R[d/c]ecently, I asked teachers I am in contact with Facebook to list some of the ways they spent their own money to make their classrooms better learning spaces. The responses were so moving that I decided to post them in a separate thread.
The teachers represented here come from the Bronx, Upstate New York Philadelphia, Rhode Island, Chicago and Minneapolis. And they represent the unsung, unrecognized contribution teachers everywhere make to help their students, especially students growing up in poverty and families of modest means.
It is responses like this which make me ever more determined to challenge the demonization of public school teachers which plays such a destructive role in our political discourse. Teachers are some of the most selfless, generous people in our nation. They deserve better than what they are currently getting from our political leaders and mass media
Katherine Palmer: To provide my students with a rich curriculum that equals one available to students in middle class schools, I buy books,videos/DVDs, tools/toolboxes, hardware, software, apps, motivational materials, and misc. supplies for the lessons I write. Aside from the dollar figure, there’s the time spent by both myself and my drafted husband in the pursuit of the acquisition of all this stuff. I don’t know the dollar amount; I try not to think about it too much.
Sedaqah B. Wise: I can be kind of frugal, but I figure I probably spend a few hundred dollars a year on my students. The food and drinks for when I have parties with them is probably about $200/year. I buy some books to use in the classroom and then there’s the stickers for the younger kids I work with (these little kids love those Hello Kitty and Marvel Hero stickers). I buy some supplies/materials and sometimes I give my students gifts (usually books). There are also the fish tanks, which the kids love, and the expenses associated with them. It all adds up to probably about $500, but I’m good at finding good deals. Any time I pass a dollar store I go in and it’s very rare that I don’t find something to buy for school. There’s one dollar store by my house where books are marked down up to 1/10 of their original price… and they’re great books. I go there regularly and spend about $25 on $50-$100 worth of goods. I was very fortunate in that I used to get a decent stipend (about $500/year) from my department to buy materials, but that’s gone now, so I’ll probably be spending more of my own money now. The funny thing is I’m one of the newest teachers in my school but everyone else knows to come to me for materials.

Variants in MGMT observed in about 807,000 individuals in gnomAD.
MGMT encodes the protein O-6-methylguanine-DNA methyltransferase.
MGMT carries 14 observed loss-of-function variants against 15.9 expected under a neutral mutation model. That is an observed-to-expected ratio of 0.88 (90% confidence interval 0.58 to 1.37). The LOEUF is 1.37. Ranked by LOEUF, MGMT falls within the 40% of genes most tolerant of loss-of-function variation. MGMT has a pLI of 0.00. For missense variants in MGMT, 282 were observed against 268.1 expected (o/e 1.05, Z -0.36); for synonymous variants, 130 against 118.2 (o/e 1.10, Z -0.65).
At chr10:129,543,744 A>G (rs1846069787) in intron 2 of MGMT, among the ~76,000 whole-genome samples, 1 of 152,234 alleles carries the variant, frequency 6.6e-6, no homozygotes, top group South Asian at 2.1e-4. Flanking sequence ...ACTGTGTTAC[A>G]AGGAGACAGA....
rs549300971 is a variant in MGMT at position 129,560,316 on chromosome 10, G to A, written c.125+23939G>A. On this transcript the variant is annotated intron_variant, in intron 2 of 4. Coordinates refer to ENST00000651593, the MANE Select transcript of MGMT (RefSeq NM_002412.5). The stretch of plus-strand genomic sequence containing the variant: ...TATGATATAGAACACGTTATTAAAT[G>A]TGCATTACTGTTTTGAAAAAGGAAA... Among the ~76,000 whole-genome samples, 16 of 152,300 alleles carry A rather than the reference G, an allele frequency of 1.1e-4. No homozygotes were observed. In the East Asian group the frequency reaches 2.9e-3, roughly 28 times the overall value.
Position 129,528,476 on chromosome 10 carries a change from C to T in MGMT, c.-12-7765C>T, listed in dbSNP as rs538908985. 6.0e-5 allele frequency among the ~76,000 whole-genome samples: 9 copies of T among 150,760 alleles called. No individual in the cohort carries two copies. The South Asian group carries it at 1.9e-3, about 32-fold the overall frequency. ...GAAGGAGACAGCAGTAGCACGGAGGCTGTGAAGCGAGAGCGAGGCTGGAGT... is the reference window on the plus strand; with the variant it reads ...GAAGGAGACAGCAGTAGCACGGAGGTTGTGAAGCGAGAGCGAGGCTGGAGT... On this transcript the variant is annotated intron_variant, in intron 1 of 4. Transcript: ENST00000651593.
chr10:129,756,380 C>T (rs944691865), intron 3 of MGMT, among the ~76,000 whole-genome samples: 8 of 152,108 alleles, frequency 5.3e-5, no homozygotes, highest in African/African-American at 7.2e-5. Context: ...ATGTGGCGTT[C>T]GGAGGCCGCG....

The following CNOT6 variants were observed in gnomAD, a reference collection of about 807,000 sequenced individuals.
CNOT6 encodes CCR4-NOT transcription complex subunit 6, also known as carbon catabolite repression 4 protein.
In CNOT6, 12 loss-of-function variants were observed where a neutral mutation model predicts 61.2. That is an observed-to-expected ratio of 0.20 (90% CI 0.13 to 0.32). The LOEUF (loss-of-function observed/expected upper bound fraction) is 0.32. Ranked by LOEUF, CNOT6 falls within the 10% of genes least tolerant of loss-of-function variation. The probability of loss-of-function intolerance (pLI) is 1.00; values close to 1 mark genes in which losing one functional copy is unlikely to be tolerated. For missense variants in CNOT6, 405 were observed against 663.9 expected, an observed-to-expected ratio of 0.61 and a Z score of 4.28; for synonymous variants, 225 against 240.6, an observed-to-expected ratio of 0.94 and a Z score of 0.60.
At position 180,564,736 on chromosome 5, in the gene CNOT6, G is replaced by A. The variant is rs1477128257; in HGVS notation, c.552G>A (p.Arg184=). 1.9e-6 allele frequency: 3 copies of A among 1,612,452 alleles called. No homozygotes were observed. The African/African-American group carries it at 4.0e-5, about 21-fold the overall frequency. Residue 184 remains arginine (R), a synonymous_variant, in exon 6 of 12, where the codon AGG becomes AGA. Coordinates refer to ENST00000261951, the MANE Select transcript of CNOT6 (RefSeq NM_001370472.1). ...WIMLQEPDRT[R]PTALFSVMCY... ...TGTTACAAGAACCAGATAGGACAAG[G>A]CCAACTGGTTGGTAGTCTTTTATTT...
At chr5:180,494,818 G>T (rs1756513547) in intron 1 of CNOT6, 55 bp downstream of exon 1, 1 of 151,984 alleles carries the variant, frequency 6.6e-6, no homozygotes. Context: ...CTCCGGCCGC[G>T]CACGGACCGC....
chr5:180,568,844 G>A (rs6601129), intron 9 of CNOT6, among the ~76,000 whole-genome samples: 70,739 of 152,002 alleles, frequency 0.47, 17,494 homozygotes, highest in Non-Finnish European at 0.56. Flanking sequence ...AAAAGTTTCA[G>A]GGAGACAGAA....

Michelle Pfeffer Enser: I don’t keep track because quite honestly, I tend to sneak the stuff into the cart when hubby isn’t looking. Things that I buy: snacks, stickers, halloween goodie bags, christmas (yep that still flies in my rural school) goodie bags, end of year gifts, books, craft supplies for Mother’s and Father’s Days and then anything that I don’t have that I want or need for them. Of course, that doesn’t count the professional books I buy throughout the year.
Wilma de Soto: I am already $1500 in the hole for this year and climbing; plus I bought colorful seat pockets for all my students’ chairs. Every time you go to a store, something else goes into the basket and the school district only allows $100/yr. Forgetting project supplies. I am lucky my husband is Creative Director for an advertising agency, so I can get paper and markers sometimes. Not to mention treats for Halloween, Christmas, Easer Baskets and all the fun crafts we do around those holidays. There’s a thrift store across the street where I can get shirts, sweaters, jackets, socks, etc. It all adds up. iPhone apps etc.
Michelle Strater Gunderson: Early childhood education requires stuff, and not just any old stuff –beautiful objects for children to manipulate, play, and learn from. I will never forget my first exposure to Froebel and the concept that when we present children with these materials we are giving them gifts. I teach in Chicago, I troll garage sales in wealthy neighborhoods on Saturdays for my kids. Rich people toss out amazing stuff, and I purchase it out of pocket.
Maureen Feerick Danforth: For my 5th graders I buy books on topics I teach so the kids can read more in depth, dvds, teaching books, craft supplies for doing hands on colonial craft activities (quill pens, ink, construction paper, twisted rafia paper, quilling strips and tools, aluminum pie plates, candle wax and wicks, flowers, needles and thread, cross stich fabric, hoops, floss and needles), I pay fees to bring in guest speakers, provide lunch for guest speakers. I have also bought an ipad and three kindles. I have purchased a tv and vcr/dvd player, models, christmas ornament kits, food, pens, pencils, highlighters, notebooks, rulers, calculators, paper plates, cups, milk crates and other various organizational and storage materials, a computer chair, supplies to cook a complete meal over an open fire.
Patricia Rydeen: I buy diapers, gloves, wipes, bottles, formula, cereal just to keep my high school students with severe disabilites comfortable so the money I spend on educational materials might have some impact.
With A Brooklyn Accent
Published: Thursday, 27 September 2012Click here for reuse options!
Copyright 2012 LA Progressive